My student

My student

Wednesday, March 18, 2015


I have recently had an epiphany. Without even realizing it, or making a  conscious decision, I have realized that what we do in the way of school is what people call "unschooling". I'm not a huge fan of the term, as to me it sounds like no learning is going to take place. But what it means is that a ton of learning is going to happen, just not in the typical, school-type way. I just re-read the first post I wrote for this blog just titled "Teaching Lu" and in that post I was basically explaining our unschooling ways, without even realizing it. 

What it means is that we will just live life and I will teach Lu all throughout the day in actual, real-life situations. We won't sit down and have school time at 10:00 each day. I won't give her "tests" to see what she learned. The thing is, without her proving it to me, I know a lot of what she has learned already. How do I know? Well, I "presume competence". I know first-hand what she has been exposed to, what we have read about, seen, talked about, and I presume that she has learned it, because I believe in her cognitive abilities to do so. I know without a doubt that she knows all the colors, most of the shapes, some numbers at least to 10, some or most of the alphabet, how to spell and recognize her name, a ton of animals and all kinds of things about them, and many, many other things. I know all of this because we have talked, and read, and played, and done all kinds of things involving all of these topics for years, so why wouldn't she know them? And then in her own time, in her own way, she uses her PODD to say things that express what she knows, without any pressure from me.  

Unschooling allows for people to rest when they need to, to play when they need to, and learn at every opportunity that naturally presents itself. This already works for us because Rett Syndrome really takes a toll on Lucy's body some days. She might have a bad seizure and need to sleep for two hours. She has four feeds a day and she needs to be relatively still during those times so her stomach does not get upset. We have been doing quite a bit of guided reading as per the Four Block literacy model.  Guess where we do it...cuddled up on the couch together. We've been learning a little about money here and the store with Lucy using her own "purse money" to make purchases. She chose and paid for her own new Cabbage Patch the other day.  She's been learning manners, by using them with real people, and she's been learning about germination and seeds by planting some actual seeds, and keeping a log of how they grow. All just real-life things.

I want to interject a short story here that really changed my life. It was basically the catalyst for my decision to not complete my Special Ed degree and change my major to Rehabilitative Sciences:

While doing my block teaching, which is like pre-student teaching, I encountered a middle school boy that had a lot of emotional issues. He was very sweet, and did well in class. One day he came in and it was obvious that his little world was crashing around him. Apparently he was going to fail his grade and not move on to high school. He was a mess.  All I wanted to do was sit and talk this through with him, help him de-escalate, and work though the situation. But...I was the teacher and my job was to continue on with my unit on the Four Square Writing method. I knew full well that that boy didn't give a crap about writing right then, and I understood why. If I remember correctly, a big part of his concern what was going to happen to him at home when his parents found out he might fail.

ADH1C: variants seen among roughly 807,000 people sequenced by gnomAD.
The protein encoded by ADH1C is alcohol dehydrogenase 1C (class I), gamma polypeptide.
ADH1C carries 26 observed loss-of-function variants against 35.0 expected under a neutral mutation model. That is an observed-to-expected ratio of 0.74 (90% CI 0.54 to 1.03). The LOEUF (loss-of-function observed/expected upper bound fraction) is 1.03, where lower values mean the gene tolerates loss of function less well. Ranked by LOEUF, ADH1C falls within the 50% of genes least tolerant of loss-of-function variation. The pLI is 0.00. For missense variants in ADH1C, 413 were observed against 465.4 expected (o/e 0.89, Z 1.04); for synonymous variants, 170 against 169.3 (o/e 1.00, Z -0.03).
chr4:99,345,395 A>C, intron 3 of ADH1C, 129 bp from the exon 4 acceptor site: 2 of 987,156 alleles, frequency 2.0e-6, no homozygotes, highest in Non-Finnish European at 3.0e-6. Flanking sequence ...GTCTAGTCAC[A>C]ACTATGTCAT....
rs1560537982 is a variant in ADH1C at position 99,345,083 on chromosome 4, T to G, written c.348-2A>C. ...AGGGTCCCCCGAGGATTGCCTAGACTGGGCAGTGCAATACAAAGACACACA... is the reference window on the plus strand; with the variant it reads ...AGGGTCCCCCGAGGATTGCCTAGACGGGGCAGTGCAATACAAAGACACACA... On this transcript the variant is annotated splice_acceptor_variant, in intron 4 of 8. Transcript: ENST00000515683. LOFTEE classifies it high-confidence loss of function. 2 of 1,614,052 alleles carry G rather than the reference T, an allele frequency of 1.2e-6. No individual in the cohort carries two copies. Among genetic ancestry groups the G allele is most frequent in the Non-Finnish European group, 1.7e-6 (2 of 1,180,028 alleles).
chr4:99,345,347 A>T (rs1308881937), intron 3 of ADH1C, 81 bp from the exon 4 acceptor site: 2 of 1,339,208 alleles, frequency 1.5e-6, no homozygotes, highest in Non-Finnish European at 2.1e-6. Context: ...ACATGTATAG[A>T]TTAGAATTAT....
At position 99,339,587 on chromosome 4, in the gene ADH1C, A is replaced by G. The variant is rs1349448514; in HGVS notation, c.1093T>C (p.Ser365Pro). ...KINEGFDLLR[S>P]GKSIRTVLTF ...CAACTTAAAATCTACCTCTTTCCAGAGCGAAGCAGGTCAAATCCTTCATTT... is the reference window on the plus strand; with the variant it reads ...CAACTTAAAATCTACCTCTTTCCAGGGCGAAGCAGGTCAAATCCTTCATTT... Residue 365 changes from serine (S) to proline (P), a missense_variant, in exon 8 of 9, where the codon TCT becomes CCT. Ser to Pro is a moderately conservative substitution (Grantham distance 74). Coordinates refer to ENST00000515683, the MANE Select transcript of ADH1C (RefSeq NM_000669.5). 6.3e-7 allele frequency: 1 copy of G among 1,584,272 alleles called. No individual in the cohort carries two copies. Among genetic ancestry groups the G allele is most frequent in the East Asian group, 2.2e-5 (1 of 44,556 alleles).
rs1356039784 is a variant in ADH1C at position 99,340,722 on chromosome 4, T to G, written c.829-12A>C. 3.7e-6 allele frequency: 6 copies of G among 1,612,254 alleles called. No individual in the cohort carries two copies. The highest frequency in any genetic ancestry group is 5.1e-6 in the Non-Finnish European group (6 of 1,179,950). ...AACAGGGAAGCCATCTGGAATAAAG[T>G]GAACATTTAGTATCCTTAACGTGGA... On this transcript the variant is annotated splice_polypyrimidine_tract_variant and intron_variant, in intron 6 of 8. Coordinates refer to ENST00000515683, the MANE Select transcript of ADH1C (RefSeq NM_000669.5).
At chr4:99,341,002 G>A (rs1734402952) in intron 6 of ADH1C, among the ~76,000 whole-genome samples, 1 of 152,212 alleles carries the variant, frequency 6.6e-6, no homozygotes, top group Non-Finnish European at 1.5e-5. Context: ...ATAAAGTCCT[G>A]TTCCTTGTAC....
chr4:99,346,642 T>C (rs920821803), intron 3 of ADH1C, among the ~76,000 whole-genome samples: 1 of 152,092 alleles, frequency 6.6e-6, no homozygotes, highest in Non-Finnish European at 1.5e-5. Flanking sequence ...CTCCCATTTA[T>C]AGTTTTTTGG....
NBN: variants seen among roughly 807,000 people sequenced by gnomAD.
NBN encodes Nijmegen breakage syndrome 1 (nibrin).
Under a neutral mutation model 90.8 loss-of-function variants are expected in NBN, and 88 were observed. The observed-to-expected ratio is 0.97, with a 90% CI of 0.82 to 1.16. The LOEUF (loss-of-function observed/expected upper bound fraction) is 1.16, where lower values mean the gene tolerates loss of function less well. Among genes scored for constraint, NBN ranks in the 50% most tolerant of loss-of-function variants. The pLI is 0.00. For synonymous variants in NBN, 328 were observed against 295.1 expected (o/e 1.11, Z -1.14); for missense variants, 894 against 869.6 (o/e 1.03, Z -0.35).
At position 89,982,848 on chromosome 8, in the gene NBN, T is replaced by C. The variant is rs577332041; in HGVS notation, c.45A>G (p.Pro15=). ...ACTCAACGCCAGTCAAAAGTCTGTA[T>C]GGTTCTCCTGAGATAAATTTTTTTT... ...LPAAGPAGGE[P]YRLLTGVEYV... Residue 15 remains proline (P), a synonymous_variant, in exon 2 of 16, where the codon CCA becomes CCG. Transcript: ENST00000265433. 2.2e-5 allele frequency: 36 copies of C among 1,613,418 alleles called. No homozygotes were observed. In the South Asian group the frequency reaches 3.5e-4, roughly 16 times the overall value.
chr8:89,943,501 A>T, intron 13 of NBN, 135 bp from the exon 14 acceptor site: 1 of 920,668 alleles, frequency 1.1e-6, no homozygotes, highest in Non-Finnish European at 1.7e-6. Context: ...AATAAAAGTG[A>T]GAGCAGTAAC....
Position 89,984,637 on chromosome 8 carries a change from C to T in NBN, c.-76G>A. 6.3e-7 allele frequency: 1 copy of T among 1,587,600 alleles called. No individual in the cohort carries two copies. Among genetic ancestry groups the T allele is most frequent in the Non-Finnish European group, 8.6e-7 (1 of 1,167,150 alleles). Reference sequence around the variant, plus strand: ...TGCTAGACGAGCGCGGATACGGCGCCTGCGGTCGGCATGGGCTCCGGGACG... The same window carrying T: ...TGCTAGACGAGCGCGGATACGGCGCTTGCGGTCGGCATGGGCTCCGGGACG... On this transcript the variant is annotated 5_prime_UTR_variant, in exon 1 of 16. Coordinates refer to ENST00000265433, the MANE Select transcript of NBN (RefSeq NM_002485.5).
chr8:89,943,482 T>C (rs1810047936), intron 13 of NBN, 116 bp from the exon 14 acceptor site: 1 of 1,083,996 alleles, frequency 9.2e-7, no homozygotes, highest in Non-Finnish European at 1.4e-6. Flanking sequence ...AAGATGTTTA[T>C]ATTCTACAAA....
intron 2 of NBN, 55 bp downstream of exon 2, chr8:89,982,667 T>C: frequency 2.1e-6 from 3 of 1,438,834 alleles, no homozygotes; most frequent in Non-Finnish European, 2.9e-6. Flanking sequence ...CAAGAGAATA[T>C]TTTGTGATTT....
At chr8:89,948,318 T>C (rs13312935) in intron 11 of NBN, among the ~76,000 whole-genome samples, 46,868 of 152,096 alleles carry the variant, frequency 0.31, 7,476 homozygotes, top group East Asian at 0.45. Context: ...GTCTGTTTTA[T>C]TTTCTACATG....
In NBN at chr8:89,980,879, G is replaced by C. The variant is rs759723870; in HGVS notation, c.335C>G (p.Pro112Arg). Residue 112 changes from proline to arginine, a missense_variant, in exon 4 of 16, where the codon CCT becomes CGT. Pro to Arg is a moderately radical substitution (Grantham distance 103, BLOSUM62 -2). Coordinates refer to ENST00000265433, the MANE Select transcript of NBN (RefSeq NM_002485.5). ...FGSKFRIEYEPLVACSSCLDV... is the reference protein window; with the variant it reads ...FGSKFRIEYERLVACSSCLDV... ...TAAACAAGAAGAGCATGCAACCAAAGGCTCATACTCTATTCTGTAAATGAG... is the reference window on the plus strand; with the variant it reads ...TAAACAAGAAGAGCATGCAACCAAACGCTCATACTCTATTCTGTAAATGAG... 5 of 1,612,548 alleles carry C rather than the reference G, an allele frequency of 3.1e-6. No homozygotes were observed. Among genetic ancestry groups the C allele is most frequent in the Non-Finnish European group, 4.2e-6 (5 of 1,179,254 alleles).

I knew that this was only the first time that I was going to be faced with a real-life situation that was a whole lot more important that what I was trying to teach in class, but that I was going to have to put on a back burner and ignore in favor of "teaching". There are students in every school that are hungry, abused, neglected, and lost. Each day they are supposed to go to school and try to sit still and learn, when there might be extreme situations in their lives that should be coming first. I just didn't feel that I was going to be able to worry more about school subjects than helping my students deal with life. Not surprisingly I went on to do counseling and therapy work. 

How I felt about that boy and his impending meltdown is how I feel about Lu. She has so much to contend with by just having Rett Syndrome that I don't feel like it is necessary, or fair to try to squeeze her into some structured educational setting, or even anything very structured here at home. Learning will come as it comes. Chad and I teach her all day, every day, every chance we get. She already knows, I think, most of what other kids her age would know, if not more.  And really, more than any other things in the world, I want Lucy to know without a doubt that she is loved, and valued, and important. There are no text books for her to learn that. 

I realize that this description of school probably sounds even more hippy-dippy than other things I tend to say. I feel certain that the most challenging aspects of this approach will be the task of appeasing others and assuring them that Lucy is learning what she needs to learn, specifically the PA Department of Education, and generally the other people in our lives. I will figure out how to present it to the Dept. Of Ed just like thousands of other "unschoolers" do each year. What I hope to receive from those that love us is the same level of "presumed competence" that I have for Lucy, with faith in me to provide what is best for Lu at all times. She's a smart cookie and my goal is to continue to help her learn about the world around her, while at the same time taking care to be gentle with her emotional and physical well-being first and foremost.